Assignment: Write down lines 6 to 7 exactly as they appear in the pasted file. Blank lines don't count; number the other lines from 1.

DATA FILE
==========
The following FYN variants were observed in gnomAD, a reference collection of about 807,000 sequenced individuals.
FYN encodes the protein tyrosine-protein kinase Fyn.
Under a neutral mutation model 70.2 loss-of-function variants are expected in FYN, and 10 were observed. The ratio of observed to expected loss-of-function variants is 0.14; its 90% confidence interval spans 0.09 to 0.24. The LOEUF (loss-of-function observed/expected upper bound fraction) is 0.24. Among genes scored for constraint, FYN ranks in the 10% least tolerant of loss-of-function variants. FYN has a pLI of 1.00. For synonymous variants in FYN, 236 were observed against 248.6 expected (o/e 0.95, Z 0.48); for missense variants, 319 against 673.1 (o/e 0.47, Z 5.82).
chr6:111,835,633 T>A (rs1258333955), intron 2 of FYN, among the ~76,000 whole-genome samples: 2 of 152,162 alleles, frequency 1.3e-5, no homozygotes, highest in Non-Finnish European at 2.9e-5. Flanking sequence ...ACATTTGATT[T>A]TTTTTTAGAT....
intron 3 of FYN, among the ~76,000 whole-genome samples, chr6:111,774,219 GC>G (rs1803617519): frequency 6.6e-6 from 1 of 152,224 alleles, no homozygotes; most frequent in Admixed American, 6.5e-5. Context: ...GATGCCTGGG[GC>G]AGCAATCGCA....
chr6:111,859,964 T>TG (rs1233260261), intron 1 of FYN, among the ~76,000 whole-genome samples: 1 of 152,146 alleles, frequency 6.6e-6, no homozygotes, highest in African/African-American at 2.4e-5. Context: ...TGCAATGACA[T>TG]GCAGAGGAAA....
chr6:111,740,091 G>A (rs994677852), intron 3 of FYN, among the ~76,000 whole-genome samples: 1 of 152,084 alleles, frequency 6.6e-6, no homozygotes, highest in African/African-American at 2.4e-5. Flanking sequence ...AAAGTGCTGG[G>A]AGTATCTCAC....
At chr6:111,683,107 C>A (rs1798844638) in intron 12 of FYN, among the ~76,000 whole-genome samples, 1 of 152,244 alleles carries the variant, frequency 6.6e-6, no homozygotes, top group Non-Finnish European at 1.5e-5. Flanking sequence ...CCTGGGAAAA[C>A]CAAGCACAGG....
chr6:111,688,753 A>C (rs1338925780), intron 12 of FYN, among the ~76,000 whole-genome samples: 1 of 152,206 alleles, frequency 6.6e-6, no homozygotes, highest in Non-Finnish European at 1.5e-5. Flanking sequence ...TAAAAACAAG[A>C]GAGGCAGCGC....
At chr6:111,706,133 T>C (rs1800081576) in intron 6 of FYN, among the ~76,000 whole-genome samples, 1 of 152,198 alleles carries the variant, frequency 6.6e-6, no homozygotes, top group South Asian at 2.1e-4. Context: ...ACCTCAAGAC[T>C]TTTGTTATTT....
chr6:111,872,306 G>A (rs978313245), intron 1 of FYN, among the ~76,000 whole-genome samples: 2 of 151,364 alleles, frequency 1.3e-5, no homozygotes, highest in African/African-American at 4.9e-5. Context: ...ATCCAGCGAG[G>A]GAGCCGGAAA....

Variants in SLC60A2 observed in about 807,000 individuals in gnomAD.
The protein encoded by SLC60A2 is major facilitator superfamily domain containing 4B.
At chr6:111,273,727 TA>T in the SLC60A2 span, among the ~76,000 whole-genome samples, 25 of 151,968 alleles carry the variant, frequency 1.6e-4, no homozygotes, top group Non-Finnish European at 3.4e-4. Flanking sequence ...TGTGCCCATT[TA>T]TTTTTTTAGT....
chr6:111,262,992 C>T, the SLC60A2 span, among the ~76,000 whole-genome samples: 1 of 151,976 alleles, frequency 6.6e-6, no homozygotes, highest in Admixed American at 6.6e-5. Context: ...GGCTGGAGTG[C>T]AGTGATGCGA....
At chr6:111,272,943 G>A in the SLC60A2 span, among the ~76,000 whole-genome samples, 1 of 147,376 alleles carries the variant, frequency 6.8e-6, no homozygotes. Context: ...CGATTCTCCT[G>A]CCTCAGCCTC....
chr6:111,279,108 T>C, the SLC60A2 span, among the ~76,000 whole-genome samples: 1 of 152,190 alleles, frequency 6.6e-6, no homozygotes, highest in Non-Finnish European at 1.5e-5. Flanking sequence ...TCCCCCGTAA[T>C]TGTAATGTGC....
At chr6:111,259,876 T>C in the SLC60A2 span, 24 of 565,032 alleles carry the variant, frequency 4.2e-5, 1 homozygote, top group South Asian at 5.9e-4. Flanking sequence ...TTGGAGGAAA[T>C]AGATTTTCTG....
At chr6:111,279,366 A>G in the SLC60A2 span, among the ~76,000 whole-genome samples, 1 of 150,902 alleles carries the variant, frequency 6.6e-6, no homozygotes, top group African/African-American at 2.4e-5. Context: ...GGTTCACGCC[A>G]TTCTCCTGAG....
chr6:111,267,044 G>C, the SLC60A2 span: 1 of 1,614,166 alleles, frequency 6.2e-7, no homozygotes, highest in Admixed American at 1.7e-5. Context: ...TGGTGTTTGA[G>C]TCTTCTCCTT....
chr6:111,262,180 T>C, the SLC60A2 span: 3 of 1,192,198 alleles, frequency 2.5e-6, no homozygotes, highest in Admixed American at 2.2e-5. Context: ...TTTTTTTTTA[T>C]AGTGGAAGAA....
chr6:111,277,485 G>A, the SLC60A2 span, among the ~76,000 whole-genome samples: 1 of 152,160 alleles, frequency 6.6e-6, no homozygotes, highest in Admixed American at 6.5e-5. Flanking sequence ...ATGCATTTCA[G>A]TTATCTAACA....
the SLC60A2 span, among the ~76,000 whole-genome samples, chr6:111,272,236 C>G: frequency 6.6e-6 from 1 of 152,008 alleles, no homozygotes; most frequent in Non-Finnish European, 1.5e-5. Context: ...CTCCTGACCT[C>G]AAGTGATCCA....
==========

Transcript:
chr6:111,859,964 T>TG (rs1233260261), intron 1 of FYN, among the ~76,000 whole-genome samples: 1 of 152,146 alleles, frequency 6.6e-6, no homozygotes, highest in African/African-American at 2.4e-5. Context: ...TGCAATGACA[T>TG]GCAGAGGAAA....
chr6:111,740,091 G>A (rs994677852), intron 3 of FYN, among the ~76,000 whole-genome samples: 1 of 152,084 alleles, frequency 6.6e-6, no homozygotes, highest in African/African-American at 2.4e-5. Flanking sequence ...AAAGTGCTGG[G>A]AGTATCTCAC....